Contemporary Use of Corticosteroids in Rhinology

Curr Allergy Asthma Rep. 2017 Feb;17(2):11. doi: 10.1007/s11882-017-0679-0.


Purpose of review: Exogenously administered corticosteroids are widely used today in the field of rhinology. Allergic rhinitis (AR), non-allergic rhinitis (NAR), acute rhinosinusitis (ARS), chronic rhinosinusitis with (CRSwNP) and without (CRSsNP) nasal polyps, and autoimmune disorders with nasal manifestations are common diseases treated effectively with intranasal and oral glucocorticoids. We focus on physiological pathways, therapeutic benefits, indications, contra-indications, and side effects of glucocorticoid utilization in the treatment of rhinologic disorders such as AR, NAR, ARS, CRSsNP, and CRSwNP.

Recent findings: Second-generation intranasal steroid (INS) agents have pharmacokinetic characteristics that minimize their systemic bioavailability, resulting in minimum risk for systemic adverse events. Several studies have demonstrated the symptomatic efficacy of both intranasal and oral corticosteroids in ARS. Moreover, intranasal and systemic steroid administration has been repeatedly proven beneficial in the conservative and perioperative management of CRSwNP. For patients with AR, there is no need for oral steroids, with the exception of severe cases, as there is lack of superiority to INS. SCUAD patients challenge currently available treatment schemes, underlining the importance of research in the field. Corticosteroids' effectiveness in the treatment of various rhinologic disorders is indisputable. However, their characteristics, and potential side effects, make a clear consensus for utilization difficult.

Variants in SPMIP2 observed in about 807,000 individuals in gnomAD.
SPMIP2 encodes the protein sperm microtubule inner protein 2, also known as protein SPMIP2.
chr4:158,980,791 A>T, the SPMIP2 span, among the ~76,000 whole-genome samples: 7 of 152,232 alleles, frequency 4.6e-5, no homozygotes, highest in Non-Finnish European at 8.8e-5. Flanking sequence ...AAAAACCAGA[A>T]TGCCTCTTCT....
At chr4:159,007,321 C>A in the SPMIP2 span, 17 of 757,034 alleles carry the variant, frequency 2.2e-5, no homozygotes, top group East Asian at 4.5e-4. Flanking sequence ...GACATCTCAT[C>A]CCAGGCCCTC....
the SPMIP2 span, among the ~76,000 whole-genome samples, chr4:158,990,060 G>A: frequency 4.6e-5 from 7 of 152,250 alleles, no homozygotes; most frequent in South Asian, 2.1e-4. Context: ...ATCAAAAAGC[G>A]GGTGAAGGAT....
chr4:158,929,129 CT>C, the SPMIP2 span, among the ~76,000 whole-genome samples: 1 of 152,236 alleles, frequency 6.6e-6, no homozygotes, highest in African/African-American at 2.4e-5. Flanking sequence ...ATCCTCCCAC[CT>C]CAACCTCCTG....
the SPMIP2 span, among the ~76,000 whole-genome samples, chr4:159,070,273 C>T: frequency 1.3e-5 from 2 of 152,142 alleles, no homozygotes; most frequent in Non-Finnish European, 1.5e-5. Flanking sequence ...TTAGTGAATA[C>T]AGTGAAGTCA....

Keywords: Chronic rhinosinusitis; Corticosteroids; Rhinitis; SCUAD.

Publication types

  • Review

MeSH terms

  • Administration, Intranasal
  • Adrenal Cortex Hormones / administration & dosage*
  • Humans
  • Rhinitis, Allergic / drug therapy*


  • Adrenal Cortex Hormones